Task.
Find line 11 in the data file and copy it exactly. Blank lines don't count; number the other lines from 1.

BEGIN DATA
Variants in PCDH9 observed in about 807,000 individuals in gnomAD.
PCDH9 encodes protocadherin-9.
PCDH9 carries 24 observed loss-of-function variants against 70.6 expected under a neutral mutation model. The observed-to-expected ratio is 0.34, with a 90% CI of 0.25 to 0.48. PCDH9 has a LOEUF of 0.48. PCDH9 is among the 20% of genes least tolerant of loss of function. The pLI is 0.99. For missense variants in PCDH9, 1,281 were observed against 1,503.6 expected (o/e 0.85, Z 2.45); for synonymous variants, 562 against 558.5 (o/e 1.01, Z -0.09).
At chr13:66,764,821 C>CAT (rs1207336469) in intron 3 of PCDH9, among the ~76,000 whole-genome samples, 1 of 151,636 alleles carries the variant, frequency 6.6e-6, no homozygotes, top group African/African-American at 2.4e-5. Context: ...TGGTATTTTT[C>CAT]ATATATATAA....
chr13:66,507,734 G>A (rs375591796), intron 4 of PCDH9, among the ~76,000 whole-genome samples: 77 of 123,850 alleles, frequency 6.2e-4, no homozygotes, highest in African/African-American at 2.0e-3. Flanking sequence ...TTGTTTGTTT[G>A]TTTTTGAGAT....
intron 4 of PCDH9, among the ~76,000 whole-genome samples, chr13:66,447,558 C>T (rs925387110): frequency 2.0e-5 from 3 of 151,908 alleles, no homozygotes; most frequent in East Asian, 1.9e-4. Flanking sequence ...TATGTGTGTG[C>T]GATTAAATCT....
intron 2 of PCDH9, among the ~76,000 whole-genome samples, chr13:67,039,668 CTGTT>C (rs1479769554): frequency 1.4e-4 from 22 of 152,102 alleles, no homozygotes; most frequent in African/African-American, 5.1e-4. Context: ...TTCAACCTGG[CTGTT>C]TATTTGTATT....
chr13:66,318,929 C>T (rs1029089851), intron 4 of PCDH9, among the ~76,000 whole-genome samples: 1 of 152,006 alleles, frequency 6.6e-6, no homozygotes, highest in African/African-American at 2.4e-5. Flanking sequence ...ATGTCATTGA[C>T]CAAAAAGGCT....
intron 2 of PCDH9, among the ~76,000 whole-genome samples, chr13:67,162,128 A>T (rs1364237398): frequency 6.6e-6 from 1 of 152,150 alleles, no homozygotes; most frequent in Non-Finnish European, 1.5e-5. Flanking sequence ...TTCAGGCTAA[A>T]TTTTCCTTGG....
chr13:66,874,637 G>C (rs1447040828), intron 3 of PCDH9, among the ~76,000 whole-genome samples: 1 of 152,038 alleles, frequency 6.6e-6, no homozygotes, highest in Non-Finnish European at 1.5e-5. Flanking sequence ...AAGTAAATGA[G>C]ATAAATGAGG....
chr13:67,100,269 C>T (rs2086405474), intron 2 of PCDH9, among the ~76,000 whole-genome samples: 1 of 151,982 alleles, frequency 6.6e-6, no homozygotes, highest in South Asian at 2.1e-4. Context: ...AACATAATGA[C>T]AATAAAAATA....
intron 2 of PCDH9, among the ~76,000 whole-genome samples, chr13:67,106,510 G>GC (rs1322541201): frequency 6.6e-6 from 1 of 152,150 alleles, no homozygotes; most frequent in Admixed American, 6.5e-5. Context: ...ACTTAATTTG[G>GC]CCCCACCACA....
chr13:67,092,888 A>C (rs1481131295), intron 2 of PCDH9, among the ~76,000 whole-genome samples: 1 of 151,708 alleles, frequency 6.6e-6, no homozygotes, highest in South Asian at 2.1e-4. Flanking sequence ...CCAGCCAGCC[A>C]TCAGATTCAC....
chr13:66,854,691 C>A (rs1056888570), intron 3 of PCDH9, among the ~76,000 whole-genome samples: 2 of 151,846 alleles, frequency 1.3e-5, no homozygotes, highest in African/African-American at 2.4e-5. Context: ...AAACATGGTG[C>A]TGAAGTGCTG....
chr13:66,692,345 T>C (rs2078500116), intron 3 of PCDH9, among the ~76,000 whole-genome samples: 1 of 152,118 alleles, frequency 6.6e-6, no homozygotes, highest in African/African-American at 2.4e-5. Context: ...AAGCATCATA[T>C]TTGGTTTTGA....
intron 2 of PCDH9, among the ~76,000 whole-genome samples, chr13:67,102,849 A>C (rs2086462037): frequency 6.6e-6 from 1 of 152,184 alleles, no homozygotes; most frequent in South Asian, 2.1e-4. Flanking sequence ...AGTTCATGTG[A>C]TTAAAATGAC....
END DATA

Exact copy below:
chr13:67,100,269 C>T (rs2086405474), intron 2 of PCDH9, among the ~76,000 whole-genome samples: 1 of 151,982 alleles, frequency 6.6e-6, no homozygotes, highest in South Asian at 2.1e-4. Context: ...AACATAATGA[C>T]AATAAAAATA....